Following are a few sample suggestions of costuming ideas:

Saint costuming idea #1: Listen to a podcast (or read the transcript) about Sts. Justina and Cyprian. The story of these saints can inspire children who want to be brave in the midst of frightening surroundings. The podcast can be found at Either saint would be a good one for a child to study, dress as, and ask for their intercessions.

Saint costuming idea #2: St. Seraphim of Sarov was an ascetic who lived in the wilderness. Wild animals loved him and would come regularly to his hut to be with him. Read more at A child dressing as St. Seraphim would want to bring along many stuffed forest animals such as a bear, a rabbit, a wolf, a fox, etc.

Saint costuming idea #3: St. Catherine the Great Martyr was the daughter of a ruler in Alexandria. She was beautiful and wise, and wanted to marry someone at her level of beauty and wisdom. When she learned of Christ, she dedicated her life to loving and serving Him. She was martyred for her faith. Read more about her at . A girl who wants to dress up as St. Catherine could wear a fancy dress and jewelry (especially a ring), and could carry a cross (for martyrdom) or a wheel (an instrument of torture used against St. Catherine).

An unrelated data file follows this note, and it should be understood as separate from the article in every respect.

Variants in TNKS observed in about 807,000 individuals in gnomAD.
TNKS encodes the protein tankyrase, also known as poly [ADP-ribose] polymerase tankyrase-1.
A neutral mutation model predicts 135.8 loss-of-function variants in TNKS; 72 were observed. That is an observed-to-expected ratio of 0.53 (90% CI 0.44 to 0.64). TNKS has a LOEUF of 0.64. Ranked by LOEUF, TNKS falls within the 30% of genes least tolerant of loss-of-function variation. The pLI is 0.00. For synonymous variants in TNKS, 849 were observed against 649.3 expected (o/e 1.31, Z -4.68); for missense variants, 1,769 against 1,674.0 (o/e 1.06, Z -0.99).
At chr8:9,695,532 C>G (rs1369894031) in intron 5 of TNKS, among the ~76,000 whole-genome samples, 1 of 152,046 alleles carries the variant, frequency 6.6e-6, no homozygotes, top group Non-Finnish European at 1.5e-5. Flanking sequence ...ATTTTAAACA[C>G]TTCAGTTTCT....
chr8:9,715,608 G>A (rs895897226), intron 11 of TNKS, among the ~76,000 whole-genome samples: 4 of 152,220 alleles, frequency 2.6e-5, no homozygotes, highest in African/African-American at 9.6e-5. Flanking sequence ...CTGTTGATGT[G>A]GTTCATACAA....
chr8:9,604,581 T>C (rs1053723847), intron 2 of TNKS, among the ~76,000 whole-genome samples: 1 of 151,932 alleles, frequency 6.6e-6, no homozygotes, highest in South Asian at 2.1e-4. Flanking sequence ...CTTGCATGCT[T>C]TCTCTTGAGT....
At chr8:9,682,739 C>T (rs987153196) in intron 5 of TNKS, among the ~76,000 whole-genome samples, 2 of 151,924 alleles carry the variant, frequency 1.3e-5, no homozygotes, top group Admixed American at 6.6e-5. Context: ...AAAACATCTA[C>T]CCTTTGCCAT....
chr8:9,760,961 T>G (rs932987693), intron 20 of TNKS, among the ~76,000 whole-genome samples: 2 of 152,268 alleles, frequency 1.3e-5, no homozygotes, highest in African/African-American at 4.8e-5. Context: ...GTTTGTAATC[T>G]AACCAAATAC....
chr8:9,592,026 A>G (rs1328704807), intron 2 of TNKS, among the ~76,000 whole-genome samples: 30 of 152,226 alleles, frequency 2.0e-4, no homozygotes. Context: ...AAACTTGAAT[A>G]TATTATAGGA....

Saint costuming idea #4: St. Andrei Rublev was an iconographer who wrote many beautiful icons. One of them that is very well remembered is the icon of the holy trinity. Read more at A child dressing as St. Andrei Rublev could carry a paintbrush and paint, and perhaps the icon of the Holy Trinity, as well. (If you don’t have a copy of this icon, you can find a printable pdf of it on the first page of this bulletin: )

Saint costuming idea #5: St. Nina, Enlightener of Georgia, was a brave young lady who packed up a few belongings and traveled all the way to the country of Georgia to tell the people there about God. The Theotokos promised that God would go with her, and gave her a cross woven from grapevines to take along with her, on her journey. St. Nina converted many to the Faith, and is lovingly called the “Enlightener of Georgia” because of how the country became a Christian nation through her influence. Read more at A girl who would like to dress as St. Nina could dress simply, carry a small bag or backpack, and take along a cross made of grapevine.